I’ve voted in every local, state, and national election since I was first eligible. I take my voting responsibilities seriously, a joyful obligation in return for the benefits and pleasures of being an American citizen. I believe in America’s greatness, both historically and presently. I love my country, and with a little work, love most of my fellow citizens. The patchwork quilt that is American civil society is a delight and inspiration, at least most of the time.
But this year, I’m an undecided voter.
None of the candidates currently vying to represent me seem to feel the same way about this country that I do. At the far left and far right, we’ve got two candidates that are basically running a grumpy old man, get-off-my-lawn, kind of campaign. Trump wants the Muslims to vacate and and Sanders wants the 1% and corporations to vacate.
In between we’ve got gradations on that us-and-them continuum, but nobody does it as well as the two actual grumpy old white guys, and it shows in the primary results to date. We Americans are suckers for someone who is the best at what they do, even if what they do is sometimes of questionable value or integrity.
So Candidates, you may ask, what would compel my vote? It’s pretty simple. As always, politics is about appealing to my reptile brain. Do that and you’ll win. Both history and recent decision making research suggest all the other conversation is just justification for what the reptile brain has already chosen. Bernie and Donald, Ted and Marco are all pumping fear and anger towards that scaly, instinctual part of my brain. Hillary… so far I’m not sure she’s even aware we all have that reptile part of our brain.
But she or somebody on the right has an opportunity, because every one else has abandoned the part of my reptile brain that is most powerful, that can calm fears, that can trump anger (sorry couldn’t resist). That part of my reptile brain seeks pleasure and comfort. You offer me pleasure and comfort and the decision making story just writes itself.
What would pleasure my reptile brain? Again, history and research can provide some pointers. The first pointer comes from a post that’s going viral on Vox from Matthew MacWilliams. Mr. MacWilliams is a researcher in a niche focused on authoritarianism and our response to it. That niche stretches back to just after World War II when folks began trying to figure out how someone like Hitler could have succeeded politically. There are well vetted criteria for assessing responsiveness to authoritarianism and MacWilliams has discovered a very tight correlation between high scores on those criteria and support for Mr. Trump. Guess what, it’s the old fear and anger part of the reptile brain.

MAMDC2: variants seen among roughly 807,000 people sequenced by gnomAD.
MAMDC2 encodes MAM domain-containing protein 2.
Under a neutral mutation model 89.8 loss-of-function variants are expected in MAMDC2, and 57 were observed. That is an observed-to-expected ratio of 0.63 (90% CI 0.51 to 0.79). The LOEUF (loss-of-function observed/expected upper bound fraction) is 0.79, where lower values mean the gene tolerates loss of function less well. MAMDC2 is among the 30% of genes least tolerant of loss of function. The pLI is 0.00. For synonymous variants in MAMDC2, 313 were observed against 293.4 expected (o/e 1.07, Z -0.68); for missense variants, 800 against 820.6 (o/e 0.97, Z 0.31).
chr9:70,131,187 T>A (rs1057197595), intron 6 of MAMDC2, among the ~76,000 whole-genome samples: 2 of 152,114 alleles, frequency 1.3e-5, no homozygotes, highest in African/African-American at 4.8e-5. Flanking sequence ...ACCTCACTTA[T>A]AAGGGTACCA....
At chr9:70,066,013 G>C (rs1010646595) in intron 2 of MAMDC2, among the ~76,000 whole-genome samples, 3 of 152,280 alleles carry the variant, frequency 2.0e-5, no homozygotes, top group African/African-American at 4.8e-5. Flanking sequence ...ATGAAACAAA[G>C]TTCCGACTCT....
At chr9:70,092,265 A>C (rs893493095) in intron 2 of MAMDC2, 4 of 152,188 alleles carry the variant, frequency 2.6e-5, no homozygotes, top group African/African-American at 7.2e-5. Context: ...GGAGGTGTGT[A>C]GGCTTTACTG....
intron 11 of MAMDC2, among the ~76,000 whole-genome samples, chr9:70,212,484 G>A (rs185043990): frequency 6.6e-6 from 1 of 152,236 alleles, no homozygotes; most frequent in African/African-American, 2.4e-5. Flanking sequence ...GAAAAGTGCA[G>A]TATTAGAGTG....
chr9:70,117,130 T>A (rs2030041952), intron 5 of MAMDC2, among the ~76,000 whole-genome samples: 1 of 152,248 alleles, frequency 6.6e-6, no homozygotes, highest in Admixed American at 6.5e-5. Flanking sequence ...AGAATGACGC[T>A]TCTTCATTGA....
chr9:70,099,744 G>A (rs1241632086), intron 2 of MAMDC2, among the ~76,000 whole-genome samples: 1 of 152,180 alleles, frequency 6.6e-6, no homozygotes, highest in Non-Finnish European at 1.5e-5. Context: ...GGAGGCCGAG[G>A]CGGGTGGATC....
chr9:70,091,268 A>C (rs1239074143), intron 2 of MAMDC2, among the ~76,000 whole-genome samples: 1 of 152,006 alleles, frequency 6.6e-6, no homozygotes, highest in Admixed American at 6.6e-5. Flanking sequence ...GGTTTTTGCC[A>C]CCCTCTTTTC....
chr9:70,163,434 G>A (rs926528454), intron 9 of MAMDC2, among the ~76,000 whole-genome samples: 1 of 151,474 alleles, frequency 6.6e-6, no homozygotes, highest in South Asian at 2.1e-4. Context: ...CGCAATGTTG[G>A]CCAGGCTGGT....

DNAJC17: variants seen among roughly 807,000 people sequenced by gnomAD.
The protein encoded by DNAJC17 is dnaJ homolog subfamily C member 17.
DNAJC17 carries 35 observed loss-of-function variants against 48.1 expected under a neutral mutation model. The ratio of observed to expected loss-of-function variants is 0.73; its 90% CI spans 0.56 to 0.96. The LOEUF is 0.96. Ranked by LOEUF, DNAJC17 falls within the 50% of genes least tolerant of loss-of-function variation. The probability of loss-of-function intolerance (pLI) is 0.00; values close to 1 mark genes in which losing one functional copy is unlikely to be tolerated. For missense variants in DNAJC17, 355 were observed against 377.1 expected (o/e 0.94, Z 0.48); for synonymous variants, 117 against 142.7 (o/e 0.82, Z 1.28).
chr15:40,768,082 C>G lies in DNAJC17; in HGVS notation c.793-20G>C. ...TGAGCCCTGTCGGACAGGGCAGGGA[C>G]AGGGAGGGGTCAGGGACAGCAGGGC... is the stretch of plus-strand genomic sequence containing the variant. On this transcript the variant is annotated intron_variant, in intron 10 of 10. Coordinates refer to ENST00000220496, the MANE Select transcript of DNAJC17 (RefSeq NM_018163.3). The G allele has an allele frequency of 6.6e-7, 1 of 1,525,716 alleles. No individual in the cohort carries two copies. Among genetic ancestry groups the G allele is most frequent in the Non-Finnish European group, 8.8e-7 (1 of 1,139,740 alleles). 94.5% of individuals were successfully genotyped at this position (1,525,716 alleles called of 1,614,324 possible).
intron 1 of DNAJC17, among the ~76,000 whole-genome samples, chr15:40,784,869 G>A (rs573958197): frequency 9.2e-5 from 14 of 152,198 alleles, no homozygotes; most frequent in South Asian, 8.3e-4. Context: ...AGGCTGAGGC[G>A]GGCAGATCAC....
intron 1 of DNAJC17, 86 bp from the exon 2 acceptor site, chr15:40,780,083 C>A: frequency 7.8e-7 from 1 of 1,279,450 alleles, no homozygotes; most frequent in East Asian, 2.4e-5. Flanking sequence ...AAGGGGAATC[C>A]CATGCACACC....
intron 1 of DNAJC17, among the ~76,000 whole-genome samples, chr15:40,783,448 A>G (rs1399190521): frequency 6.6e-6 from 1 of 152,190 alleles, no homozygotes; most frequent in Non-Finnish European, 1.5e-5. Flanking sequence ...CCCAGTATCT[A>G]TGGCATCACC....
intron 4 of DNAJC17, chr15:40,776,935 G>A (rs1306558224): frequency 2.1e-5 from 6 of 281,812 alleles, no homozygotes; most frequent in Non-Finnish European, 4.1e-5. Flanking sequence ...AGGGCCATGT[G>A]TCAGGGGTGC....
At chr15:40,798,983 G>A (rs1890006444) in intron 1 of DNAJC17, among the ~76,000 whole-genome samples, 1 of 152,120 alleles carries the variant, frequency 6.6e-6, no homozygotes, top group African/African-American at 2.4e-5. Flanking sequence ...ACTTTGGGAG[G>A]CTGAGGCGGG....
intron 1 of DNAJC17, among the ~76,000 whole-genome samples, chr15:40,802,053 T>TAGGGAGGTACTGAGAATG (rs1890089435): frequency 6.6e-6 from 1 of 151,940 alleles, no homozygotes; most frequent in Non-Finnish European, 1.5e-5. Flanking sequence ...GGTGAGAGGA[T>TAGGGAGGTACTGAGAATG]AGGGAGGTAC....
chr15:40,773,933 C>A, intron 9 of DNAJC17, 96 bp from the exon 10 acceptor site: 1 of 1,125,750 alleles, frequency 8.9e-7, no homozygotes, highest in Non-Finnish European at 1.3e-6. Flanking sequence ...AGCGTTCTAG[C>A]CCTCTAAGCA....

In his February 16th New York Times column, David Brooks gives us a hint of the second pointer to the pleasure and comfort centers of old forked tongue brain. He reached back to what he calls the Roosevelt Approach, relying on community and inclusivity to address the pressing problems in front of us. I always start feeling more happy, more secure, when I’m part of team that’s getting something done, that’s pulling in the same direction. And, by the way, that’s a pretty good description of the moments in American History, both recent and ancient, that are the foundations of our greatness. Thank you, Mr. Brooks, for well thought out words.
Put that all together and a way forward out of this current political ugliness begins to emerge. How does one counter fear and anger and panic? It’s not with facts, and it’s not with policy, at least not at first. If you want to distract my reptile brain from those very powerful motivators, there’s only one thing that works, pleasure and comfort. That’s precisely what nobody is offering right now.
So Hillary (or somebody from the right), you want to catch fire? Get your grandmother on. That’s what this nation needs right now. Someone to tell us that we are one family and that there’s no substitute for family, like ‘em or not. To tell us it’s going to be o.k. To give us some time tested, pragmatic wisdom on how it’s going to be o.k. That’ll make my reptile brain stand up and take notice.
I love this county and I know we can come together and address the many problems facing us if we have the right kind of leadership. We can do this. We have in the past. We can in the future, but we can only do it together. And if we do come together, I know the result will be, indeed, to make American great again, not a bad aspiration.